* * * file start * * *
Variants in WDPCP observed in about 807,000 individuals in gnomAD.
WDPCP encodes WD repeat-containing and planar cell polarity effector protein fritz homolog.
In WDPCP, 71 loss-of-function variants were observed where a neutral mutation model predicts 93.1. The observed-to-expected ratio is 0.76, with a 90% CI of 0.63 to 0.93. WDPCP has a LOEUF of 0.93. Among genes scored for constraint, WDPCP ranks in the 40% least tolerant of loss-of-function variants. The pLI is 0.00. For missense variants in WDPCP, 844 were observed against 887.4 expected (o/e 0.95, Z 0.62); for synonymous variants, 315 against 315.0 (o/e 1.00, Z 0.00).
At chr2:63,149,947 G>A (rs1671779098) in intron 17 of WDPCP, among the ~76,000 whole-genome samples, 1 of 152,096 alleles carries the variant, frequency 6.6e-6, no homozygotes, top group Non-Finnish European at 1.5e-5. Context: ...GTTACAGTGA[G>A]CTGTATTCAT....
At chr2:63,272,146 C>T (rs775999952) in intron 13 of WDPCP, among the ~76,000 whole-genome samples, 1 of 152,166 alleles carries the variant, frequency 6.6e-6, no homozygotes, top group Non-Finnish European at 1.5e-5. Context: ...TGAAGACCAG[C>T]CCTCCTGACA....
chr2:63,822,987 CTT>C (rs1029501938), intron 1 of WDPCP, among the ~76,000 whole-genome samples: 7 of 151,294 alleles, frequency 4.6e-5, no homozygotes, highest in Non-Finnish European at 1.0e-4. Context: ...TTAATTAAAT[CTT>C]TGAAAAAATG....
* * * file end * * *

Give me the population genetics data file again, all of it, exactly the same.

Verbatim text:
Variants in WDPCP observed in about 807,000 individuals in gnomAD.
WDPCP encodes WD repeat-containing and planar cell polarity effector protein fritz homolog.
In WDPCP, 71 loss-of-function variants were observed where a neutral mutation model predicts 93.1. The observed-to-expected ratio is 0.76, with a 90% CI of 0.63 to 0.93. WDPCP has a LOEUF of 0.93. Among genes scored for constraint, WDPCP ranks in the 40% least tolerant of loss-of-function variants. The pLI is 0.00. For missense variants in WDPCP, 844 were observed against 887.4 expected (o/e 0.95, Z 0.62); for synonymous variants, 315 against 315.0 (o/e 1.00, Z 0.00).
At chr2:63,149,947 G>A (rs1671779098) in intron 17 of WDPCP, among the ~76,000 whole-genome samples, 1 of 152,096 alleles carries the variant, frequency 6.6e-6, no homozygotes, top group Non-Finnish European at 1.5e-5. Context: ...GTTACAGTGA[G>A]CTGTATTCAT....
At chr2:63,272,146 C>T (rs775999952) in intron 13 of WDPCP, among the ~76,000 whole-genome samples, 1 of 152,166 alleles carries the variant, frequency 6.6e-6, no homozygotes, top group Non-Finnish European at 1.5e-5. Context: ...TGAAGACCAG[C>T]CCTCCTGACA....
chr2:63,822,987 CTT>C (rs1029501938), intron 1 of WDPCP, among the ~76,000 whole-genome samples: 7 of 151,294 alleles, frequency 4.6e-5, no homozygotes, highest in Non-Finnish European at 1.0e-4. Context: ...TTAATTAAAT[CTT>C]TGAAAAAATG....